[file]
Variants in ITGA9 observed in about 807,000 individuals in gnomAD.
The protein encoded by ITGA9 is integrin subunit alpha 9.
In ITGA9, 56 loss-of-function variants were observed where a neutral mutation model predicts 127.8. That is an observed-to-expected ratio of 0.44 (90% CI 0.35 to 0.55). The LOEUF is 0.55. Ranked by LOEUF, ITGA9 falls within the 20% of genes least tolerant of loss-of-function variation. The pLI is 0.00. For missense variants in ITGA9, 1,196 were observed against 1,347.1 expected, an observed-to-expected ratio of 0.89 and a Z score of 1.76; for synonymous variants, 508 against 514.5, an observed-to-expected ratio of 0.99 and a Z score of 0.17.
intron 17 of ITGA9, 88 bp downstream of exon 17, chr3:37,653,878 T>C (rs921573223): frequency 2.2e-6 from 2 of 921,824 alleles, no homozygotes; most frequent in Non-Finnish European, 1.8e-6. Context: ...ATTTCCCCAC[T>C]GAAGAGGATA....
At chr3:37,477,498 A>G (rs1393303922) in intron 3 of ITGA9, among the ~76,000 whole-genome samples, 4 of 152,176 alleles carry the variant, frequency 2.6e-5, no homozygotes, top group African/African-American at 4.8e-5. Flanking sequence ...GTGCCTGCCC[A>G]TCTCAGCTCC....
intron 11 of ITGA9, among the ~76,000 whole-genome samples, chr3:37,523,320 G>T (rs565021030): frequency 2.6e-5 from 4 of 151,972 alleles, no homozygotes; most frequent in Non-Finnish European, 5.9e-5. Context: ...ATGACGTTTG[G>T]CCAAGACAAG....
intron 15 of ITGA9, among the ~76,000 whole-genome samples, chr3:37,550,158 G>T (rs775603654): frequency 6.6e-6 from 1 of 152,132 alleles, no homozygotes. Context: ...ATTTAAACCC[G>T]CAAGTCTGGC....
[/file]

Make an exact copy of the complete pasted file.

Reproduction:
Variants in ITGA9 observed in about 807,000 individuals in gnomAD.
The protein encoded by ITGA9 is integrin subunit alpha 9.
In ITGA9, 56 loss-of-function variants were observed where a neutral mutation model predicts 127.8. That is an observed-to-expected ratio of 0.44 (90% CI 0.35 to 0.55). The LOEUF is 0.55. Ranked by LOEUF, ITGA9 falls within the 20% of genes least tolerant of loss-of-function variation. The pLI is 0.00. For missense variants in ITGA9, 1,196 were observed against 1,347.1 expected, an observed-to-expected ratio of 0.89 and a Z score of 1.76; for synonymous variants, 508 against 514.5, an observed-to-expected ratio of 0.99 and a Z score of 0.17.
intron 17 of ITGA9, 88 bp downstream of exon 17, chr3:37,653,878 T>C (rs921573223): frequency 2.2e-6 from 2 of 921,824 alleles, no homozygotes; most frequent in Non-Finnish European, 1.8e-6. Context: ...ATTTCCCCAC[T>C]GAAGAGGATA....
At chr3:37,477,498 A>G (rs1393303922) in intron 3 of ITGA9, among the ~76,000 whole-genome samples, 4 of 152,176 alleles carry the variant, frequency 2.6e-5, no homozygotes, top group African/African-American at 4.8e-5. Flanking sequence ...GTGCCTGCCC[A>G]TCTCAGCTCC....
intron 11 of ITGA9, among the ~76,000 whole-genome samples, chr3:37,523,320 G>T (rs565021030): frequency 2.6e-5 from 4 of 151,972 alleles, no homozygotes; most frequent in Non-Finnish European, 5.9e-5. Context: ...ATGACGTTTG[G>T]CCAAGACAAG....
intron 15 of ITGA9, among the ~76,000 whole-genome samples, chr3:37,550,158 G>T (rs775603654): frequency 6.6e-6 from 1 of 152,132 alleles, no homozygotes. Context: ...ATTTAAACCC[G>T]CAAGTCTGGC....